Contrary to the suggestion of a nuclear activity, a hot run involves loading of dummy fuel assemblies (without uranium) into the reactor, and then taking the temperature of the primary coolant water to the operating temperature of 2800 Celsius, according to site director M.K. Balaji ( The Hindu, June 5). After the three-week-long hot run, the reactor would be disassembled, not just shut down, and the reactor vessel, pipelines, gauges and safety devices inspected. The run's purpose is to see how the coolant circuit operates and whether pipes, pumps, and so on work properly.

Until Reactor 1 attains criticality, its safety will not be affected in the least if operations are suspended even for months. Kudankulam is already delayed by 10 years. Shutting down reactors even after they have gone critical is not rocket science. All reactors are periodically closed for maintenance. Many have been shut down safely or for good most recently in Japan and Germany, and earlier in the U.S., France, Britain, Italy, and elsewhere.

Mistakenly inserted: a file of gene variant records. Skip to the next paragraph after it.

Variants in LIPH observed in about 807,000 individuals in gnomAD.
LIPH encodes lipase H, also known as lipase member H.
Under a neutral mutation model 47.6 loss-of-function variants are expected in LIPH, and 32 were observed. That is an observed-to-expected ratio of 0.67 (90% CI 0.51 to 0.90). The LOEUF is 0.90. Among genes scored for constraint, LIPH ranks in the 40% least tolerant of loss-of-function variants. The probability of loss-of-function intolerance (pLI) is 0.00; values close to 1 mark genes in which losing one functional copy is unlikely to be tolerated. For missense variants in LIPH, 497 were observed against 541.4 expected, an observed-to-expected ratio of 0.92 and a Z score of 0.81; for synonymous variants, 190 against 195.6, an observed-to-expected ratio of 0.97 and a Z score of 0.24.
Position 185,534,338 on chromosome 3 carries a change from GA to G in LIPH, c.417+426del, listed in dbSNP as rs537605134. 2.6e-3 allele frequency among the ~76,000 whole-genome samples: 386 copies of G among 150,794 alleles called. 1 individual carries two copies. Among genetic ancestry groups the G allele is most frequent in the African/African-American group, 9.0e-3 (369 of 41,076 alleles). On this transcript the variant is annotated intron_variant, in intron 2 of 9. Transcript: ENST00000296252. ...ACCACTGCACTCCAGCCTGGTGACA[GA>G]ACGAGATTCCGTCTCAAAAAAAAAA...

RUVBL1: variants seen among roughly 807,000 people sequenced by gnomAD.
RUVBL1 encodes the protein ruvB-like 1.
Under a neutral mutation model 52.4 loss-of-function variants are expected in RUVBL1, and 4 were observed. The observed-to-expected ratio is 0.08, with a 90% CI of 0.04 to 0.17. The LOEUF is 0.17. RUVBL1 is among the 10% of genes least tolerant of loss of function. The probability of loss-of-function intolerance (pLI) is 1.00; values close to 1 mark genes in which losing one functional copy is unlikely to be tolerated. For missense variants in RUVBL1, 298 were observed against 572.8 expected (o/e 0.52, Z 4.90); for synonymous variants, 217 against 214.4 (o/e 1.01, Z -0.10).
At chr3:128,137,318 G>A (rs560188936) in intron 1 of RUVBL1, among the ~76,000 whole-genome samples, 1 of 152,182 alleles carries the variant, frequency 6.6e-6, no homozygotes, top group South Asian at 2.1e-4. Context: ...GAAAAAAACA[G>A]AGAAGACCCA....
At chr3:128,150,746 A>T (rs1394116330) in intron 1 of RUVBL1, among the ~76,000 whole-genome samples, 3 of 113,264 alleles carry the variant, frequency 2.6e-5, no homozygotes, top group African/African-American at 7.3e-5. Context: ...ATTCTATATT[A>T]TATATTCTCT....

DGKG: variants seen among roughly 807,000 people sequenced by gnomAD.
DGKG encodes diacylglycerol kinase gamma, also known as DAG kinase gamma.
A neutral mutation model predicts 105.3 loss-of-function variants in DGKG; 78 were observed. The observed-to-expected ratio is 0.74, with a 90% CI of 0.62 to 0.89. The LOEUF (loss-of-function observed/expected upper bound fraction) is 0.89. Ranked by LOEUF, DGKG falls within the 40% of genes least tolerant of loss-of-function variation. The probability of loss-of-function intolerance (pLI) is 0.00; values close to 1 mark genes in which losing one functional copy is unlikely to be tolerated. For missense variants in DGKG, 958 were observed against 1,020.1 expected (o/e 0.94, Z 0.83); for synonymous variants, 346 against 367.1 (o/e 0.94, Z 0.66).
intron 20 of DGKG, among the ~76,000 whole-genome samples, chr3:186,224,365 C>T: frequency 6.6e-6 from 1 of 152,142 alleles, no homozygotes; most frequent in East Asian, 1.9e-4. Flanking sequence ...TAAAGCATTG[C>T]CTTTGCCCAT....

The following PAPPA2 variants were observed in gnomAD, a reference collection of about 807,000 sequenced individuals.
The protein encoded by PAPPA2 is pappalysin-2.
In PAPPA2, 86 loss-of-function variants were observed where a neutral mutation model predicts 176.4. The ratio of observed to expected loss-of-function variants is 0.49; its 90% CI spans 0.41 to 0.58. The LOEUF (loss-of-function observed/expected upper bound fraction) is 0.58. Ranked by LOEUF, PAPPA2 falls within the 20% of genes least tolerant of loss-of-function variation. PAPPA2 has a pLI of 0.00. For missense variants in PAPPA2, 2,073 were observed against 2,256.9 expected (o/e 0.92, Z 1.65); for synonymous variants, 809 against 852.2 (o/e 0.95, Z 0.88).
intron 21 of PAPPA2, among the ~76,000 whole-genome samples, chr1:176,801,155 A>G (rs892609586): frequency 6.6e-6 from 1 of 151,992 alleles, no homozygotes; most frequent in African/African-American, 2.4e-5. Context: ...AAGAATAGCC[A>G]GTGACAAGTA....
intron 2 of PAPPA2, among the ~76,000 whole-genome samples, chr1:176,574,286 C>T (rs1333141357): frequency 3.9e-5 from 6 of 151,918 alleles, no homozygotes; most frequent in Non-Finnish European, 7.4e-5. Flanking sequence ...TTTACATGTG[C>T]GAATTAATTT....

Former President A.P.J. Abdul Kalam has lent a degree of legitimacy to the DAE's campaign by alleging that geopolitical and market forces (the layer presumably meaning rival nuclear suppliers to Russia) are behind the Kudankulam protests. He was categorical that the reactors are 100 per cent safe, because they have multiple sophisticated safety features, and because 99 per cent of their spent fuel would be reprocessed.